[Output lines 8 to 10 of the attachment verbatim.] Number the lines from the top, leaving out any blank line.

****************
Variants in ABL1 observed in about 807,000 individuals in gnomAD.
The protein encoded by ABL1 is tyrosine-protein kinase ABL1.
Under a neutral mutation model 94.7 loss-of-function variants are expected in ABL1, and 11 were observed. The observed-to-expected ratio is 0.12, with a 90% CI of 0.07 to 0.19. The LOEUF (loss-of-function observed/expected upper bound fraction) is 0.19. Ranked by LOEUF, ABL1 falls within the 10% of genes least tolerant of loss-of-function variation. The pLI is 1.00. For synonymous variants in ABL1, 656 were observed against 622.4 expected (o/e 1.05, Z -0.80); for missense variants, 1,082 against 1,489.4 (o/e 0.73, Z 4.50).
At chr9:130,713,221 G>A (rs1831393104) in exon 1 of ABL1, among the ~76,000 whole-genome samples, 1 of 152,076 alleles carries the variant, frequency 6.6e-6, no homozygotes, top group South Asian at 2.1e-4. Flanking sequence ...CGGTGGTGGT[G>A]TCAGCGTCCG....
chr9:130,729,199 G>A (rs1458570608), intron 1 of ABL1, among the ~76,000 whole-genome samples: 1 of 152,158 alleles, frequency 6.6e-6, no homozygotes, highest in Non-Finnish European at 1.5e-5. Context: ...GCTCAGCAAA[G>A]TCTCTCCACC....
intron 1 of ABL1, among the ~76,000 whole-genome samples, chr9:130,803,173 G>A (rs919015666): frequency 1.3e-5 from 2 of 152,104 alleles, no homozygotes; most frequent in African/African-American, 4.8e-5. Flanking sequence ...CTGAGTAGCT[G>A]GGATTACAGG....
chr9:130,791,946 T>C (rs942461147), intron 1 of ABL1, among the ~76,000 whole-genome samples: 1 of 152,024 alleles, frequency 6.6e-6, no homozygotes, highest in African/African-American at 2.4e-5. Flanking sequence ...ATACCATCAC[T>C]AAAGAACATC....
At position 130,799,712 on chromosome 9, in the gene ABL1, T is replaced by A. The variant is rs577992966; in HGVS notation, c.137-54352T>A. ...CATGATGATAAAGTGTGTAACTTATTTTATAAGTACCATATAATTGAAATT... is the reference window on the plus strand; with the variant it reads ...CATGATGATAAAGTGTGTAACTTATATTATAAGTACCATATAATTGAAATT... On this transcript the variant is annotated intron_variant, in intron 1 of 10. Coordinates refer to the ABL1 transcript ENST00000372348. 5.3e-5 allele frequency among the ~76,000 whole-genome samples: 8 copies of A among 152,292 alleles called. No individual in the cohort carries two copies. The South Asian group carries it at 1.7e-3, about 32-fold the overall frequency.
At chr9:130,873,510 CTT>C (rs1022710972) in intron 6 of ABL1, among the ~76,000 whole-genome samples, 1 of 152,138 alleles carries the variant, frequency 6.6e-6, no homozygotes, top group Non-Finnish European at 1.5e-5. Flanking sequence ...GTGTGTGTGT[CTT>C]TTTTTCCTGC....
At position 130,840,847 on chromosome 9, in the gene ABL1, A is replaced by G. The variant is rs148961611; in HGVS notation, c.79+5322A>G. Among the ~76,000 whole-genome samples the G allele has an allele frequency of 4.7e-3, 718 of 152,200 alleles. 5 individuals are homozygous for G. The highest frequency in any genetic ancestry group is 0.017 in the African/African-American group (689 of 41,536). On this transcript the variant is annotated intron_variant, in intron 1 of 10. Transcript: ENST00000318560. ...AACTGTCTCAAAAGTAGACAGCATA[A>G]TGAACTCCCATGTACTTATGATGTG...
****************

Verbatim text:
At position 130,799,712 on chromosome 9, in the gene ABL1, T is replaced by A. The variant is rs577992966; in HGVS notation, c.137-54352T>A. ...CATGATGATAAAGTGTGTAACTTATTTTATAAGTACCATATAATTGAAATT... is the reference window on the plus strand; with the variant it reads ...CATGATGATAAAGTGTGTAACTTATATTATAAGTACCATATAATTGAAATT... On this transcript the variant is annotated intron_variant, in intron 1 of 10. Coordinates refer to the ABL1 transcript ENST00000372348. 5.3e-5 allele frequency among the ~76,000 whole-genome samples: 8 copies of A among 152,292 alleles called. No individual in the cohort carries two copies. The South Asian group carries it at 1.7e-3, about 32-fold the overall frequency.
At chr9:130,873,510 CTT>C (rs1022710972) in intron 6 of ABL1, among the ~76,000 whole-genome samples, 1 of 152,138 alleles carries the variant, frequency 6.6e-6, no homozygotes, top group Non-Finnish European at 1.5e-5. Flanking sequence ...GTGTGTGTGT[CTT>C]TTTTTCCTGC....
At position 130,840,847 on chromosome 9, in the gene ABL1, A is replaced by G. The variant is rs148961611; in HGVS notation, c.79+5322A>G. Among the ~76,000 whole-genome samples the G allele has an allele frequency of 4.7e-3, 718 of 152,200 alleles. 5 individuals are homozygous for G. The highest frequency in any genetic ancestry group is 0.017 in the African/African-American group (689 of 41,536). On this transcript the variant is annotated intron_variant, in intron 1 of 10. Transcript: ENST00000318560. ...AACTGTCTCAAAAGTAGACAGCATA[A>G]TGAACTCCCATGTACTTATGATGTG...